Fossil fuels—coal, oil, and natural gas—are America’s primary source of energy, accounting for more than 70 percent of current U.S. electricity generation, and more than 60 percent in New England. However, the extraction and burning of these fuels pose serious threats to human health and our environment. Improving energy efficiency is an important first step toward decreasing the harmful effects of our energy use, but we need to do much more.
There are many energy resources available; by understanding the impact of our energy choices, we can make more responsible decisions that will create a better future for our children while providing the energy we need.
If left unchecked, heat-trapping emissions such as carbon dioxide (CO2) are expected to cause irreversible damage to communities and habitats throughout the United States and around the world. This damage will likely include more intense droughts and hurricanes; poorer air quality; increased incidence of infectious diseases such as West Nile Virus; flooding and erosion in coastal communities as a result of rising sea level; reduced productivity of some agricultural regions; and loss of many treasured landscapes and species—from maple trees to coral reefs to polar bears.
Recent studies have concluded that avoiding dangerous climate change will require the United States and other industrialized countries to reduce their global warming emissions to about 20 percent of 2000 levels by midcentury. Such reductions will require both maximizing energy efficiency and transitioning from fossil fuels to noncarbon energy sources.
Electricity generation accounted for more than 40 percent of U.S. CO2 emissions in 2004, with coal-fired power plants alone emitting more CO2 than all transportation sectors combined. In the Northeast, power plants rank second only to transportation as a source of CO2 emissions. While some CO2 emissions are generated during the manufacturing process, wind turbines, solar panels, and other renewable energy sources generate electricity with no CO2 emissions.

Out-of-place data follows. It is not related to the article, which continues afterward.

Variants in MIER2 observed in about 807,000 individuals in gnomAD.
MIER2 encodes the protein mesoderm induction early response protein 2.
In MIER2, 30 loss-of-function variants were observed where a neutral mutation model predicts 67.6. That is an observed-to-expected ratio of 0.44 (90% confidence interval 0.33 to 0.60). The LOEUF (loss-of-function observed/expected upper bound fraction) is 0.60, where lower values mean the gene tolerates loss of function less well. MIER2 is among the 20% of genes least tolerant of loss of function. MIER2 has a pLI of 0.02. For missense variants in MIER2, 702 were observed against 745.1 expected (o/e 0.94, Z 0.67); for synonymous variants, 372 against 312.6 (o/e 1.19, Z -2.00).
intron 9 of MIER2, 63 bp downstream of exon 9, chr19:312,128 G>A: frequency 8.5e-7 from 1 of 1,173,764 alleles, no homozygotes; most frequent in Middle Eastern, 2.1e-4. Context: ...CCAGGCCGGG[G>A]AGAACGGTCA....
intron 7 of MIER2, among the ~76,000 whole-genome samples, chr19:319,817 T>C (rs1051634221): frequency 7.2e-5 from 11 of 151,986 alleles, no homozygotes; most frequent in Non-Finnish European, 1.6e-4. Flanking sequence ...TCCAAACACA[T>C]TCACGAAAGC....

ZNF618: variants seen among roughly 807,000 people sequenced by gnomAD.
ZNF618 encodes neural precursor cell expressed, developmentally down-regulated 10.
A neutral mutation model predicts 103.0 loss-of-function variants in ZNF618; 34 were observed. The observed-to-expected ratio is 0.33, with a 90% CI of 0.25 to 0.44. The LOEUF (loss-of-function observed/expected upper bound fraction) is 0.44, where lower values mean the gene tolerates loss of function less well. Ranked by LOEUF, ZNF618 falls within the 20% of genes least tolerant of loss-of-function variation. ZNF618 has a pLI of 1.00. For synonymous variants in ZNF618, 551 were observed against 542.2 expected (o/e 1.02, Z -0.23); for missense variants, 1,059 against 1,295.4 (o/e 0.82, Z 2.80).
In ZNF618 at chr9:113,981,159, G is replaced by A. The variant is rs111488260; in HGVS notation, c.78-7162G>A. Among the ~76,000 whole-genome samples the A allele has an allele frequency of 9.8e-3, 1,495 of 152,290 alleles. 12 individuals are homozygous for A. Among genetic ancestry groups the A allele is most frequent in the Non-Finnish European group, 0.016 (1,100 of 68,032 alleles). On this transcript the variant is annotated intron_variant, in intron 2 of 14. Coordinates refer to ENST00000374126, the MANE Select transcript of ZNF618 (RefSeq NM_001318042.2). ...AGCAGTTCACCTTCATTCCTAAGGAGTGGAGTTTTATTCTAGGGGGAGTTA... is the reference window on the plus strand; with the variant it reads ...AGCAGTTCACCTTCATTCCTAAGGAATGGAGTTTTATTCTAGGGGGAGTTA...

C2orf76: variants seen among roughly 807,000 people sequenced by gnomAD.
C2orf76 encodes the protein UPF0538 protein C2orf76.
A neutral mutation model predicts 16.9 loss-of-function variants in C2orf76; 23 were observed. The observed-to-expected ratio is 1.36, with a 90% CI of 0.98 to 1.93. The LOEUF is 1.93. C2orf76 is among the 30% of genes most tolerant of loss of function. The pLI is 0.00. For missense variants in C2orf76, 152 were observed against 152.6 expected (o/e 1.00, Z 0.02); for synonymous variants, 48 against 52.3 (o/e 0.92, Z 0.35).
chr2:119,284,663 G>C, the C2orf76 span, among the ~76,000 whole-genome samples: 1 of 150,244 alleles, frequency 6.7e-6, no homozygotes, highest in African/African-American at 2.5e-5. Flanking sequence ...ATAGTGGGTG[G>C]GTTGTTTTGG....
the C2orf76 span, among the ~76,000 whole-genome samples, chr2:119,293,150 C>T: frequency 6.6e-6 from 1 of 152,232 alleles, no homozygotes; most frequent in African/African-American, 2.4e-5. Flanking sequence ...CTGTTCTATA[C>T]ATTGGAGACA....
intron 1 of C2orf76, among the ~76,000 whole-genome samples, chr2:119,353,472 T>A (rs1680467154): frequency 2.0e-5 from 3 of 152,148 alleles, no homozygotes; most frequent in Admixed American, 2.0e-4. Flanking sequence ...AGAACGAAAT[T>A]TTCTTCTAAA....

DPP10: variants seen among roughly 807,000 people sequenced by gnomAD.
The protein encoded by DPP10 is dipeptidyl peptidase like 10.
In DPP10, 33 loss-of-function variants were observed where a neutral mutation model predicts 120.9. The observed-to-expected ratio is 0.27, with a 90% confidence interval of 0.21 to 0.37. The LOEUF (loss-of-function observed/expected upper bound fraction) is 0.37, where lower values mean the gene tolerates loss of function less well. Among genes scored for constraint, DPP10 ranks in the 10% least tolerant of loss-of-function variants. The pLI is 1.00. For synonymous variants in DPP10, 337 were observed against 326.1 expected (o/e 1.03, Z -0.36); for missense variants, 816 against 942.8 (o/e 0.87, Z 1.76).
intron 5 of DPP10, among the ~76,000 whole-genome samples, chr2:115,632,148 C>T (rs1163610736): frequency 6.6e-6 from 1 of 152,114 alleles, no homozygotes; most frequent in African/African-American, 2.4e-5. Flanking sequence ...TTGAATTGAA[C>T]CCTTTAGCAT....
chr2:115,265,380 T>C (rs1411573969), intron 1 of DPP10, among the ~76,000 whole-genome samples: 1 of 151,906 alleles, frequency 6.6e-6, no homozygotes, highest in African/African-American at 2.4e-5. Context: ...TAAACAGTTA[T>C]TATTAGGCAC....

Burning fossil fuels releases significant amounts of sulfur dioxide (SO2), nitrogen oxides (NOX), and fine soot particles into the air. These pollutants can cause acid rain and smog, and cause or aggravate a wide range of acute respiratory and cardiovascular diseases. According to a 2004 report, U.S. power plant pollution contributes to nearly 24,000 premature deaths each year, including 2,800 from lung cancer. Electricity generation in 2003 was responsible for 68 percent of SO2 emissions and 22 percent of NOX emissions in the United States.
Coal, the nation’s largest source of electricity, also releases significant amounts of dioxin and mercury into our air. Dioxin causes liver damage and cancer in humans, while mercury is a neurotoxin that can cause brain damage and birth defects. Women of childbearing age and children are advised to limit their intake of swordfish, tuna, and certain other fish because they contain high levels of mercury. In addition, more than 160 active fish advisories are currently posted for New England lakes, specifically relating to high mercury levels.
Land is required to generate electricity from virtually any energy resource. At a minimum, land is used for the footprint of the facility (a power plant or wind turbine base) and any roads needed to access the facility.
Drilling for oil and natural gas, and mining for coal and uranium, can cause irreversible damage to large areas of land. In 2005, more than 24 million acres—an area larger than the state of Indiana—were used for oil and gas production. Between 1977 and 2004 more than 5.5 million acres of land were permitted for coal mining. Mining also affects local waterways; for example, mountaintop removal coal mining buried or polluted more than 1,200 miles of streams across Appalachia between 1985 and 2001.
Land is also needed to transport fossil fuel to power plants, where it is converted to electricity. Coal transport accounts for around 40 percent of rail use in the United States. In 2001 more than 480 million tons of coal were transported between states. Linked end to end, the trains needed to transport this amount of coal would stretch around the equator almost two times.
A utility-scale wind facility on flat terrain requires about 50 acres of land per megawatt of installed generating capacity. On rolling terrain, like the hills and ridgelines of New England, the required area can be as low as two acres per megawatt. While this is a somewhat larger land area than required by the total needed for a fossil fuel ower plant, a very small portion of that land (two percent or less) is actually occupied by turbines, access roads, and other equipment—leaving the vast majority of the land free for compatible or existing uses such as farming or recreation. For example, to generate about 20 percent of the nation’s electricity from wind power by 2020, approximately 8,000 square miles of land—an area roughly the size of Massachusetts—would be required. More than 98 percent of this land, however, would still be available for other uses, leaving the actual footprint of these turbines at about 100 square miles, about the same land area as Greater Boston (inside I-95) but spread across the entire nation. Wind turbines can also be removed if necessary, leaving no lasting impact on the surrounding environment.